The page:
Breed Group: Working
The Giant Schnauzer is among the giant dog breeds, but despite the fact that some are more mellow than others, they are not one of the gentle giants one sometimes hears about. Highly intelligent, they are a top flight watch and guard dog with the ability to separate friend from foe. But this ability does not occur without effort. It must be developed through socialization and training. Possessing a huge reserve of energy, they are very active both inside and out. They love to play, and unlike many giant breeds, they need a significant commitment from their owner to their need for exercise. They need a mile or two of walking and running needed on a daily basis to deter negative behaviors that result from boredom. A large fenced yard is a definite plus in the effort to provide them with the exercise they need. But this thinking breed needs both a physical and a mental workout in order to be happy. Most breeders recommend agility, advanced obedience, or Schutzhund training to satisfy their need for mental stimulation. Dominant and powerful, they are not suited for families with small children. They tend to be aggressive with other dogs; males especially challenge other males. Their ability to get along with other pets and older children (12 and up) is highly dependent on their socialization and training. Significant attention should be focused on ensuring normal rough-and-tumble behavior of children does not elicit an overly protective response from the dog that could be disastrous. They tend to be somewhat better with non-canine pets but should not be completely trusted without proving themselves. Most tend to be cautious around strangers. The Giant Schnauzer is often referred to as a “shadow” dog because they frequently assume a place by the side of their owner.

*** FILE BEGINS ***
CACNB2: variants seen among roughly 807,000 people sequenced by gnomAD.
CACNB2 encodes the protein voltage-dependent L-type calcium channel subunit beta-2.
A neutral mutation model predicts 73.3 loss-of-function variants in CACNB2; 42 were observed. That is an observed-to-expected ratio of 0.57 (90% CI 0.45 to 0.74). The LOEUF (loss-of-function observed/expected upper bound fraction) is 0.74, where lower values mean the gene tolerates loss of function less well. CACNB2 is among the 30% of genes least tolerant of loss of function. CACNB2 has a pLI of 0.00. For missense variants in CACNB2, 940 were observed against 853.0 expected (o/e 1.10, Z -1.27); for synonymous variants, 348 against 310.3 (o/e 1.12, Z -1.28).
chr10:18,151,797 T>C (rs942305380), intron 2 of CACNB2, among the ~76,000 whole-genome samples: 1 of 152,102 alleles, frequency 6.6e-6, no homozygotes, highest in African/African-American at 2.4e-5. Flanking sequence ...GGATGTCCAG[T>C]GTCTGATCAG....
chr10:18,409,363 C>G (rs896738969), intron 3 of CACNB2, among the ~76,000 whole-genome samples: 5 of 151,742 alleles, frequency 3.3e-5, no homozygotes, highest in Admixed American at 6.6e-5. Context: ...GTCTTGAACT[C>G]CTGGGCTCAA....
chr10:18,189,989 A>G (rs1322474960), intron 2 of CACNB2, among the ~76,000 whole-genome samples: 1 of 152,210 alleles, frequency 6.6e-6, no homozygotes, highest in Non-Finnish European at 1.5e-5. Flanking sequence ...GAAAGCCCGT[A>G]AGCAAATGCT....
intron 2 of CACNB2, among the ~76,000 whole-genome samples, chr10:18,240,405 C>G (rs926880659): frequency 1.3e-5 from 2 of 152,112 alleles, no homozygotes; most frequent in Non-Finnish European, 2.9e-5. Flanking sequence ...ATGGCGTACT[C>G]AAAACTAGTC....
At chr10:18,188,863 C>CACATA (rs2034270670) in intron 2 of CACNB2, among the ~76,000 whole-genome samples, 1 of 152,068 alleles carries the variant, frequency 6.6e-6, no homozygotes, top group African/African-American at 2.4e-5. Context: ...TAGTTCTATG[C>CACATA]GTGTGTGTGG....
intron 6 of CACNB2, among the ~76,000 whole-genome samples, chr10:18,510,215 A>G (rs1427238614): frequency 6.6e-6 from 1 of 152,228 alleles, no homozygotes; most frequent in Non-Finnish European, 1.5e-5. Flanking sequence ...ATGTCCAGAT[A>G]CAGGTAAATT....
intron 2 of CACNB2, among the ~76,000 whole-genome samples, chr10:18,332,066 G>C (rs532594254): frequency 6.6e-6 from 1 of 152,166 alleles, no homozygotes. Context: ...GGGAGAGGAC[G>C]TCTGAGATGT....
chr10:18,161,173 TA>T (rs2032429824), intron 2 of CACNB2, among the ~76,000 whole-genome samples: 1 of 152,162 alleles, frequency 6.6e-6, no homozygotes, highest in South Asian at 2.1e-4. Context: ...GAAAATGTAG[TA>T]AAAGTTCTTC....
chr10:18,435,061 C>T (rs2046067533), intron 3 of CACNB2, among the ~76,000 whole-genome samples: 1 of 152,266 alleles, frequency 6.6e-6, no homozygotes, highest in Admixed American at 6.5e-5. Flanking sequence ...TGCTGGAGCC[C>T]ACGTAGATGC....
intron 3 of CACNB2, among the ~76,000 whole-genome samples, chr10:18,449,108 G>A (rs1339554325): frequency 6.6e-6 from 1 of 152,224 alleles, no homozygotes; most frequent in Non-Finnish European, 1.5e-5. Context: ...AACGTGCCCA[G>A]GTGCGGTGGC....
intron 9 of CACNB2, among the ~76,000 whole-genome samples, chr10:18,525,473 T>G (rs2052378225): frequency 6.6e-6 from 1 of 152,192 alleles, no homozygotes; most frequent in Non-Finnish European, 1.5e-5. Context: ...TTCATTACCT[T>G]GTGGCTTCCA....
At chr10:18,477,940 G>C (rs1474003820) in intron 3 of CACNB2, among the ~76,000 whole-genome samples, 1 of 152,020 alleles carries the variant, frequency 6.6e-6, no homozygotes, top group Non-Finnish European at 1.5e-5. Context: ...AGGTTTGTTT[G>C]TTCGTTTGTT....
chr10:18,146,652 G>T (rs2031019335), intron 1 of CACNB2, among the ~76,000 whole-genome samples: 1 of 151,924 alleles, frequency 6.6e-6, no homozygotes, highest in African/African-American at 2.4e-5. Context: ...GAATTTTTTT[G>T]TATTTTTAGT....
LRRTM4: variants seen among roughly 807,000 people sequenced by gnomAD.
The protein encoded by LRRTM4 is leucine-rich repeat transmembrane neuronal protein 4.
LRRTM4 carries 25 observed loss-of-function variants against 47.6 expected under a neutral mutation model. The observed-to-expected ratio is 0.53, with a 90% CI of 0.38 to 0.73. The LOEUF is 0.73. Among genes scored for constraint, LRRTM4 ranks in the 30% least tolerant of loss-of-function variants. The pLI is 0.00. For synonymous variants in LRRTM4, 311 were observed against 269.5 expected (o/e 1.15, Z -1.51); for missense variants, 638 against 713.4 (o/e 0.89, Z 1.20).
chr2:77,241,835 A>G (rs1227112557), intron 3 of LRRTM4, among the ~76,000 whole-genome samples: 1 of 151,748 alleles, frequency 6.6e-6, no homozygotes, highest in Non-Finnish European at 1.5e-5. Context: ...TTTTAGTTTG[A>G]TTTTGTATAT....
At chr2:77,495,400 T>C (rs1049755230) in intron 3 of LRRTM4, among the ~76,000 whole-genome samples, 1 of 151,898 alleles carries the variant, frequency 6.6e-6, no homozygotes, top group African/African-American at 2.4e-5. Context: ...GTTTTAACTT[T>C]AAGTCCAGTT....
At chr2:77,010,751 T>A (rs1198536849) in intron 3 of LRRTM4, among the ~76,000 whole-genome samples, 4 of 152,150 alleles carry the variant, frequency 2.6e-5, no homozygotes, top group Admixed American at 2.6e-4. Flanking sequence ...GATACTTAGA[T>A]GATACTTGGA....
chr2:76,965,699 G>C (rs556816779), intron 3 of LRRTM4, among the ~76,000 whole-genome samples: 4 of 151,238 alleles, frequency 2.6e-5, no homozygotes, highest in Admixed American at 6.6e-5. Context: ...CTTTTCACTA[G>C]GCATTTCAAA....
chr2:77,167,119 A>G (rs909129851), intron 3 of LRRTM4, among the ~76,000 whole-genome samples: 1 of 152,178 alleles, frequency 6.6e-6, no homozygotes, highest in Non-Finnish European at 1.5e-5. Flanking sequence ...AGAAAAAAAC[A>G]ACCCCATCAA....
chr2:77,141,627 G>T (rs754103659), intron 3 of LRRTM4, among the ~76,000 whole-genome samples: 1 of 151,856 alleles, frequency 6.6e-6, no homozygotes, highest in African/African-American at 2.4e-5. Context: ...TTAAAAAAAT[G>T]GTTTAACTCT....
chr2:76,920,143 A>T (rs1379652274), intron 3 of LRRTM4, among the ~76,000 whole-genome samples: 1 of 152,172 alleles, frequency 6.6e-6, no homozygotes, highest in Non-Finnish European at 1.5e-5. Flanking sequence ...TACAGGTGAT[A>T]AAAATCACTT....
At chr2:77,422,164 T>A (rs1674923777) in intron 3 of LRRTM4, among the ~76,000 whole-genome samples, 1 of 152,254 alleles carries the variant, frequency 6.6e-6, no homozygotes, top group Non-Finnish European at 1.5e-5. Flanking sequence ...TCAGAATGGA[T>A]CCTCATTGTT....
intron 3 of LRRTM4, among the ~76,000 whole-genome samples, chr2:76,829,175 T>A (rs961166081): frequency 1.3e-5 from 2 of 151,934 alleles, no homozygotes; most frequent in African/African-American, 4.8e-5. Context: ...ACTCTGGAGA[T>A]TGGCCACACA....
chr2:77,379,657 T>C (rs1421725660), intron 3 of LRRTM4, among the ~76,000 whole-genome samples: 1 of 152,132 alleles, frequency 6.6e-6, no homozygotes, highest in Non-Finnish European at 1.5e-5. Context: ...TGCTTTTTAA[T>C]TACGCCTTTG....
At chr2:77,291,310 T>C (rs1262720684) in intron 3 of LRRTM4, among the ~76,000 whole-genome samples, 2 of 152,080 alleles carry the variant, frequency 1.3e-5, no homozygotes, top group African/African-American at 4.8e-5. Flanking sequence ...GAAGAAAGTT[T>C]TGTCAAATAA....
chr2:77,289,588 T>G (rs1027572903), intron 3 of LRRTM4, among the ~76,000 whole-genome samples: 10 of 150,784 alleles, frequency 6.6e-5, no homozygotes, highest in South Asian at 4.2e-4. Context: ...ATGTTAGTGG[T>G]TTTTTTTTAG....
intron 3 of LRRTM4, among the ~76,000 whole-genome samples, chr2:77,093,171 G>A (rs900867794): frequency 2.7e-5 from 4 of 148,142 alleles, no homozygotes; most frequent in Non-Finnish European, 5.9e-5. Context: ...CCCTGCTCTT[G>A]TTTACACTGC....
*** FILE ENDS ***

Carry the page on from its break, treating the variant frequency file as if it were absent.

Giant Schnauzers are just that, giant versions of the smaller Standard Schnauzer, with their well-known bushy eyebrows, whiskers, and beard. Their average height is between 23 and 28 inches, and their average weight is anywhere from 55 to 80 pounds. Their colors are solid black or salt and pepper with a short wiry coat. They rarely shed, but their dense coat can become matted if not brushed weekly. They do equally well in either fairly warm or cold temperatures.
They require extensive socialization to promote a stable, confident personality and counterbalance any timidity or skittishness that exists. They need an early understanding that humans must be looked to for leadership, otherwise, they will attempt to assert themselves as leader. Without socialization, a Giant Schnauzer can become rough, reactive and prone to biting. They also need not just basic but Advance Obedience training in order to occupy them mentally and reinforce your leadership position. Once your leadership position is established, they are not difficult to train. Independent and loyal, but also dominant and powerful, they are too much dog for anyone but an experienced dog owner with good dog handling skills. Some feel that dogs with a salt and pepper coat tend to be more docile.
Giant Schnauzers are prone to a number of health problems, with about 1 in 5 dogs suffering from Dysplastic Hips. Another almost 10% are affected by each Elbow Dysplasia and Hypothyroidism. Although not on the list of the two dozen breeds most susceptible, owners of any deep-chested dog should be familiar with Bloat. Like many dogs with black coats, Giant Schnauzers have an unusually high occurrence of Cancer, in this case, squamous cell carcinoma that frequently starts in the toe, under the nail. Giant Schnauzers have a lifespan of 10 to 12 years.
The American Kennel Club ranks the Giant Schnauzer 78th in popularity with about 1,000 dogs registered each year.
In the English edition of German Dogs in Word and Picture written in 1928, E. von Otto identifies the Giant Schnauzer’s progenitor as the “bear Schnauzer” of Munich. This dog had a long shaggy coat and was related to the Old German Shaggy Shepherd Dog. The resulting dog was then crossed with the black Great Dane in an effort “to make his hair shorter and his body larger and black”. This cross also provided the breed with additional power and he acquired the reputation of a protection dog. Despite the Riesenschnauzer’s (breed) different ancestry, it was also noted by von Otto that “in his general appearance and wonderful nature he bears a very strong resemblance to the Bouvier des Flandres,” another breed first developed to drive cattle, but one whose intelligence, strength, and versatility have been put to many uses since. Today the Giant Schnauzer is considered by many in Europe as a premier police and military dog. In fact, many police forces in Europe prefer this breed over all others for security.
Notable Giant Schnauzer owners include Bruce Lee, Sugan Ray Leonard, Steve McQueen, and advice columnist Heloise. The National (US) Breed Club is the Giant Schnauzer Club of America.